Electric Vehicles - Is India Prepared To Shift Gears?

By Alind Saxena, Chief Business Officer, L&T Technology Services Limited

Innovate or Perish

The automotive industry is currently witnessing many technology-driven trends that are shaping large-scale disruption in the area of transportation. Electrification is a key one among them and innovation is undoubtedly the main driver shaping the growth of the global market for electric vehicles (EV). In a carbon-conscious world battling environmental pollution and the effects of climate change, together with the spiraling prices of oil, the gradual shift to EVs is inevitable. The earlier the auto industry realizes this and aligns itself to this reality, the better it will be able to reap the benefits of electrification.

In fact, Electric vehicles came into being over 100 years ago, tasted early success at the turn of the 20th century and then faced a rapid decline, unable to keep pace with fast-evolving gasoline-powered vehicles, ultimately leading to its virtual disappearance in the Thirties. Sporadic attempts were made through the following decades to revive the technology, with a few notable examples like the Henney Kilowatt, manufactured by The Henney Motor Company in 1959-1960 – but it failed to elicit an enthusiastic response from the public and sales were abysmally low. It was with the emergence of Tesla as a major player and Elon Musk’s avowed mission “to accelerate the world’s transition to sustainable energy”, that the global auto industry started to change rapidly. The floodgates of global interest in and adoption of the EV by the auto industry seemed to have opened with the wheels being set in motion by Tesla. An entire collaborative ecosystem has sprung up since, comprising auto manufacturers, battery manufacturers and components suppliers.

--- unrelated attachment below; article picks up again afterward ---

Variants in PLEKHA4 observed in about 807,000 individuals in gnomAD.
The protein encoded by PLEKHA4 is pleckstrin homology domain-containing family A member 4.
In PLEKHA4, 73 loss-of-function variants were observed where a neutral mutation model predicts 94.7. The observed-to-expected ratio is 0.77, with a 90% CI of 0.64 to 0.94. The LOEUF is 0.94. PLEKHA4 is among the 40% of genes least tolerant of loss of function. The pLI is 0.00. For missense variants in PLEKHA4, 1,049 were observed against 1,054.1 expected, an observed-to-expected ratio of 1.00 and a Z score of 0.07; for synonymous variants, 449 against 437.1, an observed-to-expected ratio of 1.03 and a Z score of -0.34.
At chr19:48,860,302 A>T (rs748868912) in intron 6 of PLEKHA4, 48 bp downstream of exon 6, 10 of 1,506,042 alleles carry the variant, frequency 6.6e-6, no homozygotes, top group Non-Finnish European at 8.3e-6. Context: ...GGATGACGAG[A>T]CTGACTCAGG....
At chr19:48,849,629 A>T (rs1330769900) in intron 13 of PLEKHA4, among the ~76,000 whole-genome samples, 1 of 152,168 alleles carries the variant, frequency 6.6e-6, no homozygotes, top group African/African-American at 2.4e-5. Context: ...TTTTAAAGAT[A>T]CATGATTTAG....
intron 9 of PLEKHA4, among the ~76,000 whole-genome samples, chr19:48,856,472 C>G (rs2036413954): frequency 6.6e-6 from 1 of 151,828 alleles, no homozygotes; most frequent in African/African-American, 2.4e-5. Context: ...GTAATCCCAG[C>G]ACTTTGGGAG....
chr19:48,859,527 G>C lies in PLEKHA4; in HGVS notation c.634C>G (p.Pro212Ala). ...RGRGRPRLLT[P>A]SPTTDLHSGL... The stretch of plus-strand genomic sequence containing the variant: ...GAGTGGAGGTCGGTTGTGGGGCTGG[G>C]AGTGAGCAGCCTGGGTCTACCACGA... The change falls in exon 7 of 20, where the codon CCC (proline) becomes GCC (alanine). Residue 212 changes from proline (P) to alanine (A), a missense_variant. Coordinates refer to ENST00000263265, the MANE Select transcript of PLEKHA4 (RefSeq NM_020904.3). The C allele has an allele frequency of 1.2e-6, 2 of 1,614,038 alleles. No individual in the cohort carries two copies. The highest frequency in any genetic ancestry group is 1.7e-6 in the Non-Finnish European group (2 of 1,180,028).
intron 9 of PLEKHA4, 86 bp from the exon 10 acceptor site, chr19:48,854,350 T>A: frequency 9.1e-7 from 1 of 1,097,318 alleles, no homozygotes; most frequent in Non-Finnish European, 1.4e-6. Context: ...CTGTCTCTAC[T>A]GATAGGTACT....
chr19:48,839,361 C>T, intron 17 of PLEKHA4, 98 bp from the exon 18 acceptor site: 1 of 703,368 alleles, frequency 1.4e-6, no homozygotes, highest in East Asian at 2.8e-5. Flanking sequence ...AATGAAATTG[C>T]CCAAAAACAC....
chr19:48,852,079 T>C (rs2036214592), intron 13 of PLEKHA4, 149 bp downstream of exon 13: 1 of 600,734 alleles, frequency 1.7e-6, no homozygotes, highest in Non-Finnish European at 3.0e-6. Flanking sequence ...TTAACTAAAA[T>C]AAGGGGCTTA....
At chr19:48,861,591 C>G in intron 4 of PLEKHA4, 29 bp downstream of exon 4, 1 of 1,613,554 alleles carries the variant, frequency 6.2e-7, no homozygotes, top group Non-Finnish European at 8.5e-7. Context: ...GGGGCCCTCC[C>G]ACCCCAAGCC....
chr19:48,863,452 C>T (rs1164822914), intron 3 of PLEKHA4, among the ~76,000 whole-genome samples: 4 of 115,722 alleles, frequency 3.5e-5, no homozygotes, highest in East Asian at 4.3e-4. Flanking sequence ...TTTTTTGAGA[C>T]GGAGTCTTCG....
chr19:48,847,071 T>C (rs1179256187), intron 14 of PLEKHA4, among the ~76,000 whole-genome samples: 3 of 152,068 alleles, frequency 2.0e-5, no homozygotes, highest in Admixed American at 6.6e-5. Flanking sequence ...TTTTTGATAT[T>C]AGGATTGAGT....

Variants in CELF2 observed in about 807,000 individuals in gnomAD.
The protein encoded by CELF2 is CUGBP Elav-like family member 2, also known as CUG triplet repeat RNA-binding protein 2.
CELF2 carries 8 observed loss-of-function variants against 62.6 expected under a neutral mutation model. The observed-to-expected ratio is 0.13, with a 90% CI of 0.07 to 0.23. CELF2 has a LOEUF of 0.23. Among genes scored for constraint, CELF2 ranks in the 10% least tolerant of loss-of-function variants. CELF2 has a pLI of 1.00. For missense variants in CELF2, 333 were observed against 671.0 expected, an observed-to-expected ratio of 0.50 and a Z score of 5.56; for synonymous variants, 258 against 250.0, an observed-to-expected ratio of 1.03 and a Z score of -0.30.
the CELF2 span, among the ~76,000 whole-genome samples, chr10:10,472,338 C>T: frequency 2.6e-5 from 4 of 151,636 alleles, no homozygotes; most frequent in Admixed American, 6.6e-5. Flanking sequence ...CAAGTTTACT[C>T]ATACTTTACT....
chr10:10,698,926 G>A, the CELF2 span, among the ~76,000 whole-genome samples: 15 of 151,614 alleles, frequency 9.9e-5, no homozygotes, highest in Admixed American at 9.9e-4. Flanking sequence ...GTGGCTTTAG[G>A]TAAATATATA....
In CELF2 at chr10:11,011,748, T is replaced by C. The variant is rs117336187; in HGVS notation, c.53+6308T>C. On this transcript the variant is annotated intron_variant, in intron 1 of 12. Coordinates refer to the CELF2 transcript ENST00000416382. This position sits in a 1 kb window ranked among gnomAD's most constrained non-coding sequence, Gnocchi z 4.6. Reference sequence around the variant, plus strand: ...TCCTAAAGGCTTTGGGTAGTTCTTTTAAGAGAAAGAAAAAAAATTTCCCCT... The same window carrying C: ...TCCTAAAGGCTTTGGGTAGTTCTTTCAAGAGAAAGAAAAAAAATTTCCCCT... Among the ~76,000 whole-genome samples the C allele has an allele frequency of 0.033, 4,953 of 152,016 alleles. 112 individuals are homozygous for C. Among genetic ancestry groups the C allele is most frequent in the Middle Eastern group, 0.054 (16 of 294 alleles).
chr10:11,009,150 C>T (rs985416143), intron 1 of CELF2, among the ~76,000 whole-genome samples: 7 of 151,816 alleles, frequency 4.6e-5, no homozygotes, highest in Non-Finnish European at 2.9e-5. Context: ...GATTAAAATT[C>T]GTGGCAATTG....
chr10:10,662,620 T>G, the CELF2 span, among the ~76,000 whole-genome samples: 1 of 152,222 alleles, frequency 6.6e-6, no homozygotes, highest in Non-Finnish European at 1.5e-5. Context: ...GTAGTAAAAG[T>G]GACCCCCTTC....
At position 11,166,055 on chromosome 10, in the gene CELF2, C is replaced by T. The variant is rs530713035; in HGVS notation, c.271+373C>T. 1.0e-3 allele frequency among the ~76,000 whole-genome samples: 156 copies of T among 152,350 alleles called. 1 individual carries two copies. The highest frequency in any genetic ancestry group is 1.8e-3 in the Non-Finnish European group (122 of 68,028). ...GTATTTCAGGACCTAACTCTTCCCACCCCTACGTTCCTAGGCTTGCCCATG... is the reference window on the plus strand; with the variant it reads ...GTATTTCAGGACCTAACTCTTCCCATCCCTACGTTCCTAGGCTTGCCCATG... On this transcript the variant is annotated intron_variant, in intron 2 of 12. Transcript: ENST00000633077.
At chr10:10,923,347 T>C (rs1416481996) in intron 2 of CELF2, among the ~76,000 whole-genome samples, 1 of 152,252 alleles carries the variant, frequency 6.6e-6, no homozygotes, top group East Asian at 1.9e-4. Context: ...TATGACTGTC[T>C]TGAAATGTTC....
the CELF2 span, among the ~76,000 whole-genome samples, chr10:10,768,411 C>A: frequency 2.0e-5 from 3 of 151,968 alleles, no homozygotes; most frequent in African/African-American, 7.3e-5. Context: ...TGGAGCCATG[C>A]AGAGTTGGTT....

“To emerge as a leader in the global EV space, India should chart a plan to manufacture every sub-system required by EVs including components, batteries, charging infrastructure.”

India has recently taken some small but significant steps aimed at accelerating the adoption of EVs. These include the announcement of a slew of tax rebates to customers of EVs and to manufacturers of EV components in the 2019 budget. The NITI Aayog has put forth a policy proposal for transition to EVs within the next few years, especially for the two and three-wheeler sectors (2023 for three wheelers and 2025 for two wheelers). These are essential first steps, but more needs to be done to reach a stage where EVs become a viable choice for many. Let’s examine what the next steps should be.

                                       Alind Saxena, Chief Business Officer, L&T Technology Services Limited

Continued Government Action Needed

Incentives and subsidies by governments across the world have been a key factor propelling the growth of EVs in the last couple of decades. China, currently the world’s largest EV market, has mandated a quota for EV production for all auto manufacturers. It has also imposed restrictions on investments in new manufacturing plants of traditional, fuel-powered vehicles. In the US, states like California have been at the forefront of introducing measures to support EVs, including introducing stringent emission norms for vehicles. Japan plans to reduce 80% of greenhouse gas emissions from vehicles by 2050 and South Korea, according to reports by the International Energy Agency, has extended its National Subsidies to 57,000 electrified vehicles in 2019, compared to 32,000 vehicles in 2018.